PAUL BOYNTON CO. v. MORRIS CHUTE CO. et aL (Circuit Court of Appeals, Third Circuit. No.4. April 7, 1898.)
PATENTS-INTERPRETATION OF CLAIM.
Where it is necessary to construe an ambiguous claim, the specification may be resorted to for the purpose of arriving at a better understanding of its meaning, but this may not be done to Ingraft on a perfectiy plain claim a restrictive qualification, which the patentee omitted to "particularly point out."
The words "substantially as described" do not warrant reading into the claim, as an additional element, a device mentioned in the specifications merely as a preferred form of construction; and a patentee who has claimed either more or less than was necessary cannot, In a suit for infringement, be relieved from the consequences thereof.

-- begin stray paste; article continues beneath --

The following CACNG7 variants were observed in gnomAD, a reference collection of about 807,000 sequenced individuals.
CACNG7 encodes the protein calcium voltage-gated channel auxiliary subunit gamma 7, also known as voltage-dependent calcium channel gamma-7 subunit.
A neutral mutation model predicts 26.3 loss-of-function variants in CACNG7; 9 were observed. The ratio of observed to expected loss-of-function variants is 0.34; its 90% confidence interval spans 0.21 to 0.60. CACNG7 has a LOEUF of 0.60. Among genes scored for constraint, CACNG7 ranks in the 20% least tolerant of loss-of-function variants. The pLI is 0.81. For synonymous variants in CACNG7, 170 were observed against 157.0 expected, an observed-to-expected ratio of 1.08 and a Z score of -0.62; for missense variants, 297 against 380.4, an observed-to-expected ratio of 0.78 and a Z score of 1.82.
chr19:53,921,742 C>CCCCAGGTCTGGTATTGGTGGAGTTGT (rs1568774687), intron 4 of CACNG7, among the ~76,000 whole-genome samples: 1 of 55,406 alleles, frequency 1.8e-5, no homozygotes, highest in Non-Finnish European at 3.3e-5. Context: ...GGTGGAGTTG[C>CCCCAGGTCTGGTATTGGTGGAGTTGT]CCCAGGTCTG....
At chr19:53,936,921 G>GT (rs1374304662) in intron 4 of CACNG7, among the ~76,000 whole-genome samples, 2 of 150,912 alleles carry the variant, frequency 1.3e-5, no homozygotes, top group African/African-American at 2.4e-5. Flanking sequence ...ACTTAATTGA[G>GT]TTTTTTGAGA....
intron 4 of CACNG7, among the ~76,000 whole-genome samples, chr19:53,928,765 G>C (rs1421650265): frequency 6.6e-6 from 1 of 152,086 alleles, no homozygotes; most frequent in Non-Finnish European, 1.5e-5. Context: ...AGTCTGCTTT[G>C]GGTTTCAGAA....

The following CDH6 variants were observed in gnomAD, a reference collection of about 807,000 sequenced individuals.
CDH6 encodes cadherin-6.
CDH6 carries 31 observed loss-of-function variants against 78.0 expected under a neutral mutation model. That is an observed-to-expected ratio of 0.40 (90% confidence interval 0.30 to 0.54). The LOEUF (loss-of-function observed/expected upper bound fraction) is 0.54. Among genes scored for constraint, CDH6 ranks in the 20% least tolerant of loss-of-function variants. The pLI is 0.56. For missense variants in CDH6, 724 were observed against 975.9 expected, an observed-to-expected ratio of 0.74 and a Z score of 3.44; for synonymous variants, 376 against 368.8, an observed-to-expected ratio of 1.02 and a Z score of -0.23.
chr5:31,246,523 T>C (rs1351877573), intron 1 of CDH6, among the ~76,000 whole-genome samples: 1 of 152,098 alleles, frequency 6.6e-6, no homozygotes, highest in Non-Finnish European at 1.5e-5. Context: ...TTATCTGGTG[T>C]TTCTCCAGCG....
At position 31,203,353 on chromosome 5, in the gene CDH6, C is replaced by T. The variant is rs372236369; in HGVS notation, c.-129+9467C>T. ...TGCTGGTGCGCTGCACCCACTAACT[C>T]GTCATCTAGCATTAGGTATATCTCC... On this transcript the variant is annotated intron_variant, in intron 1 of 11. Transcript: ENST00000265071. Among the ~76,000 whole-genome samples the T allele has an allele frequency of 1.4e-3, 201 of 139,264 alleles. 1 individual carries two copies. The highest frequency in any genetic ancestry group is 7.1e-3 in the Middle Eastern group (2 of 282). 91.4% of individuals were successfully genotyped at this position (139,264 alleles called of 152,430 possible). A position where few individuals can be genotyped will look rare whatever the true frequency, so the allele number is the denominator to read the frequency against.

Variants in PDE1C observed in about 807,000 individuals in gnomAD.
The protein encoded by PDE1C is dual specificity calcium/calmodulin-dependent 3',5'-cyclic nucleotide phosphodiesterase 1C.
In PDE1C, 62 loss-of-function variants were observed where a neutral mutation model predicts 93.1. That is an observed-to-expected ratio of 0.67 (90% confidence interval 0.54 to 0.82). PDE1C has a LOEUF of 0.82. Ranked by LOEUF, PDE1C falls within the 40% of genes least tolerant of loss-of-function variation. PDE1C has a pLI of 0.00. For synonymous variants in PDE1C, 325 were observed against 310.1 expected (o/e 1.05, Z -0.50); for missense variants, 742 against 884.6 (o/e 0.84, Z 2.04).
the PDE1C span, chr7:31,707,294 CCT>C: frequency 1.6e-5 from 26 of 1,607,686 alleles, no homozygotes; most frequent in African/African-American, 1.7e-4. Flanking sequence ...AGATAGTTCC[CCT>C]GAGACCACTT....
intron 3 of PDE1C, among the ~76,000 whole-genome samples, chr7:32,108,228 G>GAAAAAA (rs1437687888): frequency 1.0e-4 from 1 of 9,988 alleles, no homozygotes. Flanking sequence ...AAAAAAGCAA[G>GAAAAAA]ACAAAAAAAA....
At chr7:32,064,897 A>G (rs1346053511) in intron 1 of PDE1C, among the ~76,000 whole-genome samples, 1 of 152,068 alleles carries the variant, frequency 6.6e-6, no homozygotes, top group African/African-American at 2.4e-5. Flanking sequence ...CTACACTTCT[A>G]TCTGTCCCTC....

When a boat so constructed that its sides wllI have the form of and operate as spray deflectors would not present patentable novelty, the objection is not overcome by fixing additional boards to it, and then using it as a toboggan as well as a boat. The Newburg patent, No. 411,255, for an inclined pleasure railway located near a sheet of water, combined with a boat-shaped car or toboggan, adapted, after descending the incline, to enter and float forwardly on the water, and with spray deflectors fixed to Its sides, is for mere structural changes of a toboggan car and boat, and did not involve invention. 82 l!'ed. 440, affirmed.
Appeal from the Circuit Court of the United States for the District of New Jersey. This was a suit in equity by the Paul Boynton Company against the Morris Chute Company and others for alleged infringement of a patent for improvements in inclined pleasure railways. The circuit